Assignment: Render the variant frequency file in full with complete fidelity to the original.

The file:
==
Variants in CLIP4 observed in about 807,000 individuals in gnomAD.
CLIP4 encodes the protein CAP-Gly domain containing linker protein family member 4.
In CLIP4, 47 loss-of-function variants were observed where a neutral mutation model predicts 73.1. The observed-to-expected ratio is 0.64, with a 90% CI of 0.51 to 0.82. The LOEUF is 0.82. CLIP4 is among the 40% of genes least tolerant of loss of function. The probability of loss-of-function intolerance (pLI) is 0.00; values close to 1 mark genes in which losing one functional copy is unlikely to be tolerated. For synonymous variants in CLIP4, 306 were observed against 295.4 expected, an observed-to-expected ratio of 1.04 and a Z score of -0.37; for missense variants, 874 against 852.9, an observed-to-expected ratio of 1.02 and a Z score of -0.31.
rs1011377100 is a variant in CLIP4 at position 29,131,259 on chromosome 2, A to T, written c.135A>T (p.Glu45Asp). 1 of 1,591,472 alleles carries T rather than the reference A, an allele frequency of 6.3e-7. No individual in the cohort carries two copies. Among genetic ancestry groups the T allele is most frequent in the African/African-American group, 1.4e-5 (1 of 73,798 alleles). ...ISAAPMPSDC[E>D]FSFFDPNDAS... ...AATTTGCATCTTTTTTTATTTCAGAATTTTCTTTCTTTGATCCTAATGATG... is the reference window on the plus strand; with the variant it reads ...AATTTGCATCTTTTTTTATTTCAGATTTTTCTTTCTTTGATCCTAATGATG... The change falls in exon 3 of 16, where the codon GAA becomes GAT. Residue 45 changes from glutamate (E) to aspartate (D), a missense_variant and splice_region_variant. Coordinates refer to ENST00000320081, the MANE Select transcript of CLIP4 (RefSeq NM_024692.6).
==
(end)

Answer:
Variants in CLIP4 observed in about 807,000 individuals in gnomAD.
CLIP4 encodes the protein CAP-Gly domain containing linker protein family member 4.
In CLIP4, 47 loss-of-function variants were observed where a neutral mutation model predicts 73.1. The observed-to-expected ratio is 0.64, with a 90% CI of 0.51 to 0.82. The LOEUF is 0.82. CLIP4 is among the 40% of genes least tolerant of loss of function. The probability of loss-of-function intolerance (pLI) is 0.00; values close to 1 mark genes in which losing one functional copy is unlikely to be tolerated. For synonymous variants in CLIP4, 306 were observed against 295.4 expected, an observed-to-expected ratio of 1.04 and a Z score of -0.37; for missense variants, 874 against 852.9, an observed-to-expected ratio of 1.02 and a Z score of -0.31.
rs1011377100 is a variant in CLIP4 at position 29,131,259 on chromosome 2, A to T, written c.135A>T (p.Glu45Asp). 1 of 1,591,472 alleles carries T rather than the reference A, an allele frequency of 6.3e-7. No individual in the cohort carries two copies. Among genetic ancestry groups the T allele is most frequent in the African/African-American group, 1.4e-5 (1 of 73,798 alleles). ...ISAAPMPSDC[E>D]FSFFDPNDAS... ...AATTTGCATCTTTTTTTATTTCAGAATTTTCTTTCTTTGATCCTAATGATG... is the reference window on the plus strand; with the variant it reads ...AATTTGCATCTTTTTTTATTTCAGATTTTTCTTTCTTTGATCCTAATGATG... The change falls in exon 3 of 16, where the codon GAA becomes GAT. Residue 45 changes from glutamate (E) to aspartate (D), a missense_variant and splice_region_variant. Coordinates refer to ENST00000320081, the MANE Select transcript of CLIP4 (RefSeq NM_024692.6).